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How GYG Singapore moved to paperless contracts

The Singapore franchisee of Mexican cuisine specialist Guzman y Gomez has turned to electronic agreements and digital signatures to ease the administrative burden on its HR team

Even as Guzman y Gomez (GYG) grew its business in Singapore from its first outlet in 2018 to over 10 restaurants today, the Mexican cuisine specialist found that its technology infrastructure was not keeping pace with the rate of digitalisation that it was undertaking.

“About three to four years ago, we decided that we needed to upgrade a lot of our infrastructure very quickly, from accounting software to labour management to point-of-sale systems all the way through to inventory controls and compliance related stuff in HR,” said Josh Bell, general manager at GYG Singapore, the local franchisee of the Australian restaurant chain.

“We needed to move quickly with a lot of e-commerce related things – we were moving towards controlling our own website, and being a franchisee, we needed rapid response on the e-commerce things that we were doing,” he added.

On the HR front, GYG Singapore was hiring up to 20 people a day at one time. That meant a lot of paperwork had to be done manually to get new employees to sign their employment contracts, which had to be modified whenever there was an error or mistake.

“That was very painful, and it’s not just about getting the contracts to the staff to read, sign and return. If we have an incident where we need to dig into a contract, we’ll flick through hundreds of them and find the respective clause,” Bell said, adding that the company was dealing with pallets of paper contracts that were stored at a warehouse.

That prompted GYG Singapore to look for a digital solution to ease the administrative burden on the company’s HR team which also had to keep pace with the evolving manpower regulations in Singapore. After evaluating a few solutions, it decided on DocuSign, a cloud-based application that helps organisations manage electronic agreements and facilitates digital signing of documents.

For GYG Singapore, DocuSign ticked the right boxes, especially its user interface which Bell described as clean, seamless and easy to understand: “You don’t have to click back to try and find out what you've clicked on, which is fantastic for our team”.

Another draw of DocuSign is the availability of templates which GYG Singapore found useful for processing contracts for as many as 100 part-time workers during peak periods. With the templates, Bell said GYG Singapore could send out 20 contracts in just five minutes after uploading a comma-separated values (CSV) file with the personal details of the workers.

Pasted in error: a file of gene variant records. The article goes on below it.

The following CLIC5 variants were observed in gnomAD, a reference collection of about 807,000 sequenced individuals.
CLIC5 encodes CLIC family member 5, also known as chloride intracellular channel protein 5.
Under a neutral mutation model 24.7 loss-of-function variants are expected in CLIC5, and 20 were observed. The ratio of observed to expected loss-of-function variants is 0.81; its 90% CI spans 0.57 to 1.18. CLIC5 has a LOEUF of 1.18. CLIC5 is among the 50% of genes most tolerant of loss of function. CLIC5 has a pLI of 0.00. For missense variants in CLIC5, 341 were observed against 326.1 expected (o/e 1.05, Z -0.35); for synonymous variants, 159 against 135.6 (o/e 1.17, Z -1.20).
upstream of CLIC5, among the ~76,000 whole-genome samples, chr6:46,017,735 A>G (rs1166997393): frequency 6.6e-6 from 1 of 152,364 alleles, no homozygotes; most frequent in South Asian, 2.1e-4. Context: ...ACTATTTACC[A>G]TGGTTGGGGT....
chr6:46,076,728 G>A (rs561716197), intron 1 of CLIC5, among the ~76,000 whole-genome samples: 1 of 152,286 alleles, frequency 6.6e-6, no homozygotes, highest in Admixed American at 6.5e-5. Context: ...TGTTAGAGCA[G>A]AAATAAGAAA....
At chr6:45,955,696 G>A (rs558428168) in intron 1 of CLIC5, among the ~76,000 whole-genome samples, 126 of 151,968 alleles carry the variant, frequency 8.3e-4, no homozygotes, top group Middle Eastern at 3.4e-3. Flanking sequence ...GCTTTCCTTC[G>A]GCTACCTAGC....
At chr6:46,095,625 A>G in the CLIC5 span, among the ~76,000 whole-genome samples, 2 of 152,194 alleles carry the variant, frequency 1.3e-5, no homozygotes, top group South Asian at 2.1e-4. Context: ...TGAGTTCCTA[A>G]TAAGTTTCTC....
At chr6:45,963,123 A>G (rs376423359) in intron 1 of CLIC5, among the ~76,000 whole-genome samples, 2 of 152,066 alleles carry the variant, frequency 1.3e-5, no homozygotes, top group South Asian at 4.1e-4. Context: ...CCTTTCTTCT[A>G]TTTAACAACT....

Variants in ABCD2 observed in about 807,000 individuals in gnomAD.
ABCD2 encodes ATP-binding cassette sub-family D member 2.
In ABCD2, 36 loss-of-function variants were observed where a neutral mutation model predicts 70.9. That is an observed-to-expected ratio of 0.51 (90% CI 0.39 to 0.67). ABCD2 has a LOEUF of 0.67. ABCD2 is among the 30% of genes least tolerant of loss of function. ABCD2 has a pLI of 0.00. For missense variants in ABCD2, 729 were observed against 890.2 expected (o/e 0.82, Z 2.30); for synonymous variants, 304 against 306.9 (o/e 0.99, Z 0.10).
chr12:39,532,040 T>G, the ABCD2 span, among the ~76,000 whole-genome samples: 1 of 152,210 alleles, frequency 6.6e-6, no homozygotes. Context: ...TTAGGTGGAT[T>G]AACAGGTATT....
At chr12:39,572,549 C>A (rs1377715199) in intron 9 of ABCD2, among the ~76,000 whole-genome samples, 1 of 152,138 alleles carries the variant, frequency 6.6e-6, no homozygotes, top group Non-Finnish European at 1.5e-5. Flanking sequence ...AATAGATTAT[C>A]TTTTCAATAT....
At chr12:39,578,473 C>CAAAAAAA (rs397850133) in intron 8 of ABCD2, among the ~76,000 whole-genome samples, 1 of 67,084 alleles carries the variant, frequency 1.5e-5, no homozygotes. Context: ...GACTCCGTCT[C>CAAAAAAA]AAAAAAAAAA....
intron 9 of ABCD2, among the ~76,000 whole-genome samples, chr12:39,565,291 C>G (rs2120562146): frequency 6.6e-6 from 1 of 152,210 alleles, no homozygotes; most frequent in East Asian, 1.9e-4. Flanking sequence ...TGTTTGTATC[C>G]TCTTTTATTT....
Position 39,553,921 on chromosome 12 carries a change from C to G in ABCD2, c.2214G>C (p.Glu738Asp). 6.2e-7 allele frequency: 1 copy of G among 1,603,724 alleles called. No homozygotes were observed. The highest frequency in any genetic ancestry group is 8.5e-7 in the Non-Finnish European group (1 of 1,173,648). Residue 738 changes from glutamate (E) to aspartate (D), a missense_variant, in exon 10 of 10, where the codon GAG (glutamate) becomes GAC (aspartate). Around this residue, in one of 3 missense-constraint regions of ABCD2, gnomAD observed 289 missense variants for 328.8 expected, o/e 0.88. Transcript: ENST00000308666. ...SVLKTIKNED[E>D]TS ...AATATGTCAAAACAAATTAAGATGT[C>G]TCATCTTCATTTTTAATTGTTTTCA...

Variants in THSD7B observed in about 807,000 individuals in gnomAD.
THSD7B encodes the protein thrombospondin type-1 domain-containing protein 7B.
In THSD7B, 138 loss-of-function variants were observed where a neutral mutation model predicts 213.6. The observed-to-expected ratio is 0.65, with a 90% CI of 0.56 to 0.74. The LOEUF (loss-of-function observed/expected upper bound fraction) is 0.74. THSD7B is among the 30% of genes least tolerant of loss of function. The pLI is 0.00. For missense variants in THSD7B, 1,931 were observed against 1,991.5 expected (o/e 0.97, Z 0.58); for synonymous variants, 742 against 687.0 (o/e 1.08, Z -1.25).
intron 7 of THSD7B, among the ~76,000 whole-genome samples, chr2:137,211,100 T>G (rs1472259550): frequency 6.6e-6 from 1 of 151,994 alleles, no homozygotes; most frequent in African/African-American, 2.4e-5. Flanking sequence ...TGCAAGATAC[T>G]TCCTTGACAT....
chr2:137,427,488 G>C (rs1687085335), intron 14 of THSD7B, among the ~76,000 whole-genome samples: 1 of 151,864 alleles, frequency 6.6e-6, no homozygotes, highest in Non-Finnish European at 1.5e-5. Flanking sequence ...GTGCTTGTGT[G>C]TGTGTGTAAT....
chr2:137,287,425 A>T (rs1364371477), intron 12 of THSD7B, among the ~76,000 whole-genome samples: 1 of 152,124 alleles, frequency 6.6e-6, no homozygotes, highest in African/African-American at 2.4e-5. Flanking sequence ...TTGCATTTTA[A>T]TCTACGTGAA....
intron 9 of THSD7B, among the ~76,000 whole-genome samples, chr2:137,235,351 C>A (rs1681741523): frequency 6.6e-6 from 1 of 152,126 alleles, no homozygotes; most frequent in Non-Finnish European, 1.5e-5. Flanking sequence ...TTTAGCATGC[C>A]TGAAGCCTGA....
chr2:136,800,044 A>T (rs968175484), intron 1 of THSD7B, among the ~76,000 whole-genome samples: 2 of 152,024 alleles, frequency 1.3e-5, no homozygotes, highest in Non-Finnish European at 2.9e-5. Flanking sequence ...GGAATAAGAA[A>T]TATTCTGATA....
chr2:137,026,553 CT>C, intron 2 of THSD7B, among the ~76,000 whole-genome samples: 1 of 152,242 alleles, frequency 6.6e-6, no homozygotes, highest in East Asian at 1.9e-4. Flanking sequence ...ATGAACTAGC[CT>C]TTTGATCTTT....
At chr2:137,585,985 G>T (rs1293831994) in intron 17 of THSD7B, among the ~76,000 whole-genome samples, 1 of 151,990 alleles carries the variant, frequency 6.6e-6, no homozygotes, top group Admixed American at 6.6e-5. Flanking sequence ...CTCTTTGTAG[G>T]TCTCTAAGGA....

“There’s no printing of contracts or manually putting in a name into a Word document – the templates feature reduced our HR team’s workload by 80%”, Bell said.

Finally, GYG Singapore was also drawn to the search and storage functionality of DocuSign, which made it easy for the company to retrieve employee contracts. This has enabled it to respond to HR related situations quickly without having to retrieve a physical contract, Bell said.

GYG Singapore is now looking to extend its use of DocuSign to supplier contracts. It is also in the midst of integrating DocuSign with another software platform that will provide GYG employees with an app to access employee contracts, staff policies and information about leave entitlements.

Being a cloud-based offering, DocuSign needs to address potential security and compliance considerations that its customers may have. To help organisations be compliant or more compliant as they would with paper-based processes, DocuSign captures information related to a document transaction, including IP addresses and timestamps of when a document was sent, viewed and signed, according to Nick Van Breda, regional vice-president for Asia at DocuSign.

“All of that is housed in what we call a certificate of completion, which basically has all of that information and can be used as your representation of a transaction in a court of law. It's also backed by the Electronic Transactions Act here in Singapore,” he added.

In addition, Breda said DocuSign’s infrastructure is secured through what it deemed as “bank-grade” security and complies with the ISO 27001 security standard.

“We work with 13 out of 15 of the largest financial institutions globally and so when people are evaluating DocuSign, they’d know that these very large banking institutions have come and gone through this process, and obviously security is the number one concern for them,” he added.

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